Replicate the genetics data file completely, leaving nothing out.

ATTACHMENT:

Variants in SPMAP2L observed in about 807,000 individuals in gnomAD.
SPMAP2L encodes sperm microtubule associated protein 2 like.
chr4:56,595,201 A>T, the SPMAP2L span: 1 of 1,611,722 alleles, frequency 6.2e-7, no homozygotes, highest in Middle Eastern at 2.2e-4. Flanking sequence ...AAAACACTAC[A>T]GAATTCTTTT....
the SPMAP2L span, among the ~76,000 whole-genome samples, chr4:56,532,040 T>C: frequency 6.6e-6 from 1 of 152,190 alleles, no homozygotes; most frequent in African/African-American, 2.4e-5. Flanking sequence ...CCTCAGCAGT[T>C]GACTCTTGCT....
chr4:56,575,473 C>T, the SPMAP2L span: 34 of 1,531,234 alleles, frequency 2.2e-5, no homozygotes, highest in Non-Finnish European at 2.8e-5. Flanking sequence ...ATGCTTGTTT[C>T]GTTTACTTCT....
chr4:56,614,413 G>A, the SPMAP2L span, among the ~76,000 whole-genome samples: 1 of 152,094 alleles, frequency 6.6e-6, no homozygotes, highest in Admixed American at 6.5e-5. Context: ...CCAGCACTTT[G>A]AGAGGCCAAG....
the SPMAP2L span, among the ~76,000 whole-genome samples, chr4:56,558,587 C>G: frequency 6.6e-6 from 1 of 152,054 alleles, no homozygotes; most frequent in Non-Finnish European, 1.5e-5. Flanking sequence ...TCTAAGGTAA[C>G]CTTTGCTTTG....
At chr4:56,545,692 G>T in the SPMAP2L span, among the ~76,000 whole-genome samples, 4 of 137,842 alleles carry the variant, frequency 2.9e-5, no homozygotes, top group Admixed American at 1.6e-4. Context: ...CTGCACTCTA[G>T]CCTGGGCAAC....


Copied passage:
Variants in SPMAP2L observed in about 807,000 individuals in gnomAD.
SPMAP2L encodes sperm microtubule associated protein 2 like.
chr4:56,595,201 A>T, the SPMAP2L span: 1 of 1,611,722 alleles, frequency 6.2e-7, no homozygotes, highest in Middle Eastern at 2.2e-4. Flanking sequence ...AAAACACTAC[A>T]GAATTCTTTT....
the SPMAP2L span, among the ~76,000 whole-genome samples, chr4:56,532,040 T>C: frequency 6.6e-6 from 1 of 152,190 alleles, no homozygotes; most frequent in African/African-American, 2.4e-5. Flanking sequence ...CCTCAGCAGT[T>C]GACTCTTGCT....
chr4:56,575,473 C>T, the SPMAP2L span: 34 of 1,531,234 alleles, frequency 2.2e-5, no homozygotes, highest in Non-Finnish European at 2.8e-5. Flanking sequence ...ATGCTTGTTT[C>T]GTTTACTTCT....
chr4:56,614,413 G>A, the SPMAP2L span, among the ~76,000 whole-genome samples: 1 of 152,094 alleles, frequency 6.6e-6, no homozygotes, highest in Admixed American at 6.5e-5. Context: ...CCAGCACTTT[G>A]AGAGGCCAAG....
the SPMAP2L span, among the ~76,000 whole-genome samples, chr4:56,558,587 C>G: frequency 6.6e-6 from 1 of 152,054 alleles, no homozygotes; most frequent in Non-Finnish European, 1.5e-5. Flanking sequence ...TCTAAGGTAA[C>G]CTTTGCTTTG....
At chr4:56,545,692 G>T in the SPMAP2L span, among the ~76,000 whole-genome samples, 4 of 137,842 alleles carry the variant, frequency 2.9e-5, no homozygotes, top group Admixed American at 1.6e-4. Context: ...CTGCACTCTA[G>T]CCTGGGCAAC....